It was the time, when I was eating sashimi at a bar, fiddling with my iPad.
A slice of Tuna accidentally dropped on the iPad.
At that time, I hurriedly got rid of the sashimi, wiped it off,
Later I found that suddenly. In the first place,
If iPad were a dish, there are no problem
posted by desjardins
on Jul 22, 2010 -
Sushi Science and Hamburger Science:I had always regarded science as universal and believed there are no differences in science at all between countries. But I was wrong. People with different cultures think in different ways, and therefore their science also may well be different. In this essay, I will describe differences I have observed between Western science and Eastern science. Let me start with a parable......
posted by Rumple
on Feb 24, 2008 -
Sheets of kombu (kelp) covered with herring roe; big white sacs of octopus roe. Among a biochromatic wealth of mysterious mollusks and other sea invertebrates of unknown nature, I see the weirdest creature I've ever seen. Now, that's a fucking organism. Tom Asakawa looks at it awhile, too. Hoya, or sea pineapple. "Sea pineapple," he says. "Attaches to rocks in the ocean. Tastes something like iodine. Sendai people like it." It looks nothing like a pineapple. It looks like something that could exist only in a purely hallucinatory eco-system. It looks like, I don't know, maybe an otherworldly marital aid of inscrutable purpose for the brides of Satan. "I need to eat that," I say. "I'll see what I can do," Tom says.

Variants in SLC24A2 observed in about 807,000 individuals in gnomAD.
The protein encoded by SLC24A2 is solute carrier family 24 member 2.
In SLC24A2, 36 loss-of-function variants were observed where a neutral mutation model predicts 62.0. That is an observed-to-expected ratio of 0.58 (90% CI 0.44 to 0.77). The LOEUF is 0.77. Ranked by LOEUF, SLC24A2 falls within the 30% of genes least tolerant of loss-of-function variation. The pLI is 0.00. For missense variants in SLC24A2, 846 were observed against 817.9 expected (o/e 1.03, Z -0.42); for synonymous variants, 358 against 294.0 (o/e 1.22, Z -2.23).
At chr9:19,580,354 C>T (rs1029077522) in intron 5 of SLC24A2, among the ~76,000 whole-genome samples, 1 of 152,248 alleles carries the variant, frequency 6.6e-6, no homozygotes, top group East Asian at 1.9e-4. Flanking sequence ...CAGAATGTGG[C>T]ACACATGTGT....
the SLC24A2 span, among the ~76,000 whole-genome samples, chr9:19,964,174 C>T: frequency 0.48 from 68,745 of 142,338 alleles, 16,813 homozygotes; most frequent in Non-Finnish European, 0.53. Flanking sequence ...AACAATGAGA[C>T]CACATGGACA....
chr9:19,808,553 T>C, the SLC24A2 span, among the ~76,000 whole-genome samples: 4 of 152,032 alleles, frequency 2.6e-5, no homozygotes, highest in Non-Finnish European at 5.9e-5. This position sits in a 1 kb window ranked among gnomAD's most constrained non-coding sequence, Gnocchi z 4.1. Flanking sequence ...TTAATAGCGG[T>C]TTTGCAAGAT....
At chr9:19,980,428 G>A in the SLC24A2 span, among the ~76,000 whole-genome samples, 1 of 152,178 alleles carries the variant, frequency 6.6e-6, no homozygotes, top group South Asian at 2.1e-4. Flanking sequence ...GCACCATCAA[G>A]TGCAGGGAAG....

Comedy duo, Ramenz (ラーメンズ), aka Kobayashi Kentaro and Katagiri Jin, also known as the Japanese versions of Mac and PC, have recently done a number of shorts collectively called "The Japanese Tradition." Apparently, these tongue-in-cheek pseudo-instructional vids about famous aspects of Japanese culture (Tea, Chopsticks, Sushi, Origami, Apology, Onigiri, and Relationships) have been fooling a lot of non-natives into thinking they are actual guides. (YouTube, each approx 4-6 min).
posted by ikahime
on Mar 29, 2007 -